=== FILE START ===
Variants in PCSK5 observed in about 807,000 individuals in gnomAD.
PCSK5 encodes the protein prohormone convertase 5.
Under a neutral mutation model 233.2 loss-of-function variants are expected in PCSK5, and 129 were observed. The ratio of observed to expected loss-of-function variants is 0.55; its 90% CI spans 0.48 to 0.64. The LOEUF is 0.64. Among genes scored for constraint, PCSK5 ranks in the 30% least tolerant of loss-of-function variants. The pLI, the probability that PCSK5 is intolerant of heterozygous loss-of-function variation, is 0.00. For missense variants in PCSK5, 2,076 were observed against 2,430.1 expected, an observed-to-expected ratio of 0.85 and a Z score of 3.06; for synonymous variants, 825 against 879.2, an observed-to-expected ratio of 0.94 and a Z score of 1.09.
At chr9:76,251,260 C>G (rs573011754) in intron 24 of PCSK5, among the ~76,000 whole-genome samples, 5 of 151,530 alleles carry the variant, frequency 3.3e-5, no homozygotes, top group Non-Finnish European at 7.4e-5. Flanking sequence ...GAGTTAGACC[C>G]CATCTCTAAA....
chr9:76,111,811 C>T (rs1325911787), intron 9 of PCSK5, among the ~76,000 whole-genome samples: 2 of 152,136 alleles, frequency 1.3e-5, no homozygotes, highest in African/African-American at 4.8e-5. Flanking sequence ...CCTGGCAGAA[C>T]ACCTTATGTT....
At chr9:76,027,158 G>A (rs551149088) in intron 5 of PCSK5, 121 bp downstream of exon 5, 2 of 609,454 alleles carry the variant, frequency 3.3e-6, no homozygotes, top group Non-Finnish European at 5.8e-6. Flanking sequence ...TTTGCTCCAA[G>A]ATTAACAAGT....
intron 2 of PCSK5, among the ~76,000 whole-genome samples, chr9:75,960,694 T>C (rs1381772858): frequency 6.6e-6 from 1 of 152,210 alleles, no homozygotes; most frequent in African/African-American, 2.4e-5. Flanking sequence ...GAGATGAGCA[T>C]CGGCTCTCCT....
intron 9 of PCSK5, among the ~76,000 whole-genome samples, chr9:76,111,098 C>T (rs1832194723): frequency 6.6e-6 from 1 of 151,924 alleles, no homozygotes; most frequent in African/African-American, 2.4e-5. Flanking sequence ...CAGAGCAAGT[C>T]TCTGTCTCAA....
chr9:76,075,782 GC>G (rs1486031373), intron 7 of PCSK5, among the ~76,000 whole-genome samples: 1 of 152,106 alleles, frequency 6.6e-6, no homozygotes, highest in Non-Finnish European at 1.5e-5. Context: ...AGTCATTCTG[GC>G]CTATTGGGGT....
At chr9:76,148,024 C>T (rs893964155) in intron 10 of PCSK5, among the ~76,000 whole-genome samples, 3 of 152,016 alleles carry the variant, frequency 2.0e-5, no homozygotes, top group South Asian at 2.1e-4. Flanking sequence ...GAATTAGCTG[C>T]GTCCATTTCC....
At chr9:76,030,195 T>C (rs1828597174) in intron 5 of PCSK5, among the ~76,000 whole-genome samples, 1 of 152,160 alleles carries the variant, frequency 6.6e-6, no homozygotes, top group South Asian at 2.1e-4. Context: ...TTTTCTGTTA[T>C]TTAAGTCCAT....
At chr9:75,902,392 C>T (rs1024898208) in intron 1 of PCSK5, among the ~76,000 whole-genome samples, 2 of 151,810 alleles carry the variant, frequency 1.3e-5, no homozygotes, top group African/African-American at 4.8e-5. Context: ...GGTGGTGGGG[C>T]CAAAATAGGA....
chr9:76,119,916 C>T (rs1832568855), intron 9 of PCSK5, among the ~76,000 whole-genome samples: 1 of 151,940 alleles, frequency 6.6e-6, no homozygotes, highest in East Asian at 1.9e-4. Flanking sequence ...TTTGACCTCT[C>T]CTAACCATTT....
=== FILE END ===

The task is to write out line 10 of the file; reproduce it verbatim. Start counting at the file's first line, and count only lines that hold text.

At chr9:76,148,024 C>T (rs893964155) in intron 10 of PCSK5, among the ~76,000 whole-genome samples, 3 of 152,016 alleles carry the variant, frequency 2.0e-5, no homozygotes, top group South Asian at 2.1e-4. Flanking sequence ...GAATTAGCTG[C>T]GTCCATTTCC....